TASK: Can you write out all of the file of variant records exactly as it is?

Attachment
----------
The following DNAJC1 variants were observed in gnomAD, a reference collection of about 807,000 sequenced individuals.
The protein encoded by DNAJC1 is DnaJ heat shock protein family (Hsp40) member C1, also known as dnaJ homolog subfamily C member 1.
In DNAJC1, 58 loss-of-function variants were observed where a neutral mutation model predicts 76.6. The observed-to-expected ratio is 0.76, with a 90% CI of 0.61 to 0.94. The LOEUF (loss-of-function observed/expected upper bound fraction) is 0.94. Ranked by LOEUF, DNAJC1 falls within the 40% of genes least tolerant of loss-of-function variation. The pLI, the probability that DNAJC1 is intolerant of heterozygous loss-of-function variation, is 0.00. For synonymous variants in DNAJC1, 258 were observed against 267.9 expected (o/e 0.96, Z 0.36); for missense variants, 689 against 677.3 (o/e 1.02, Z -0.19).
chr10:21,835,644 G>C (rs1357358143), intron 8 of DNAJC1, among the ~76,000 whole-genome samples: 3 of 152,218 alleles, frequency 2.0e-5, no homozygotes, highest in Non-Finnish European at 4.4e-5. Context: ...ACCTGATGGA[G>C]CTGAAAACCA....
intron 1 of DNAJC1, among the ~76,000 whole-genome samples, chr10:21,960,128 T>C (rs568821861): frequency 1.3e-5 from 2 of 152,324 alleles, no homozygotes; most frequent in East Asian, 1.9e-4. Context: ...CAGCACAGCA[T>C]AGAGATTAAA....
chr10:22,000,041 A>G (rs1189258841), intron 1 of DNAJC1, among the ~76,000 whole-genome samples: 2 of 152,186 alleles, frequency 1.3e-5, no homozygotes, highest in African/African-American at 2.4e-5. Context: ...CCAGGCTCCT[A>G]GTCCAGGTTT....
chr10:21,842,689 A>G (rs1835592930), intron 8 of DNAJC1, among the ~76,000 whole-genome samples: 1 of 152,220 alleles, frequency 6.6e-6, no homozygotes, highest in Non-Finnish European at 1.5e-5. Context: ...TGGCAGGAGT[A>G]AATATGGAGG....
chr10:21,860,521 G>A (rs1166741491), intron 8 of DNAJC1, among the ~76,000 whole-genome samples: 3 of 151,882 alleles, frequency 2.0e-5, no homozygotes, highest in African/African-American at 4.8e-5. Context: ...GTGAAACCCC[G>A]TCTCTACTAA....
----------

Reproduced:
The following DNAJC1 variants were observed in gnomAD, a reference collection of about 807,000 sequenced individuals.
The protein encoded by DNAJC1 is DnaJ heat shock protein family (Hsp40) member C1, also known as dnaJ homolog subfamily C member 1.
In DNAJC1, 58 loss-of-function variants were observed where a neutral mutation model predicts 76.6. The observed-to-expected ratio is 0.76, with a 90% CI of 0.61 to 0.94. The LOEUF (loss-of-function observed/expected upper bound fraction) is 0.94. Ranked by LOEUF, DNAJC1 falls within the 40% of genes least tolerant of loss-of-function variation. The pLI, the probability that DNAJC1 is intolerant of heterozygous loss-of-function variation, is 0.00. For synonymous variants in DNAJC1, 258 were observed against 267.9 expected (o/e 0.96, Z 0.36); for missense variants, 689 against 677.3 (o/e 1.02, Z -0.19).
chr10:21,835,644 G>C (rs1357358143), intron 8 of DNAJC1, among the ~76,000 whole-genome samples: 3 of 152,218 alleles, frequency 2.0e-5, no homozygotes, highest in Non-Finnish European at 4.4e-5. Context: ...ACCTGATGGA[G>C]CTGAAAACCA....
intron 1 of DNAJC1, among the ~76,000 whole-genome samples, chr10:21,960,128 T>C (rs568821861): frequency 1.3e-5 from 2 of 152,324 alleles, no homozygotes; most frequent in East Asian, 1.9e-4. Context: ...CAGCACAGCA[T>C]AGAGATTAAA....
chr10:22,000,041 A>G (rs1189258841), intron 1 of DNAJC1, among the ~76,000 whole-genome samples: 2 of 152,186 alleles, frequency 1.3e-5, no homozygotes, highest in African/African-American at 2.4e-5. Context: ...CCAGGCTCCT[A>G]GTCCAGGTTT....
chr10:21,842,689 A>G (rs1835592930), intron 8 of DNAJC1, among the ~76,000 whole-genome samples: 1 of 152,220 alleles, frequency 6.6e-6, no homozygotes, highest in Non-Finnish European at 1.5e-5. Context: ...TGGCAGGAGT[A>G]AATATGGAGG....
chr10:21,860,521 G>A (rs1166741491), intron 8 of DNAJC1, among the ~76,000 whole-genome samples: 3 of 151,882 alleles, frequency 2.0e-5, no homozygotes, highest in African/African-American at 4.8e-5. Context: ...GTGAAACCCC[G>A]TCTCTACTAA....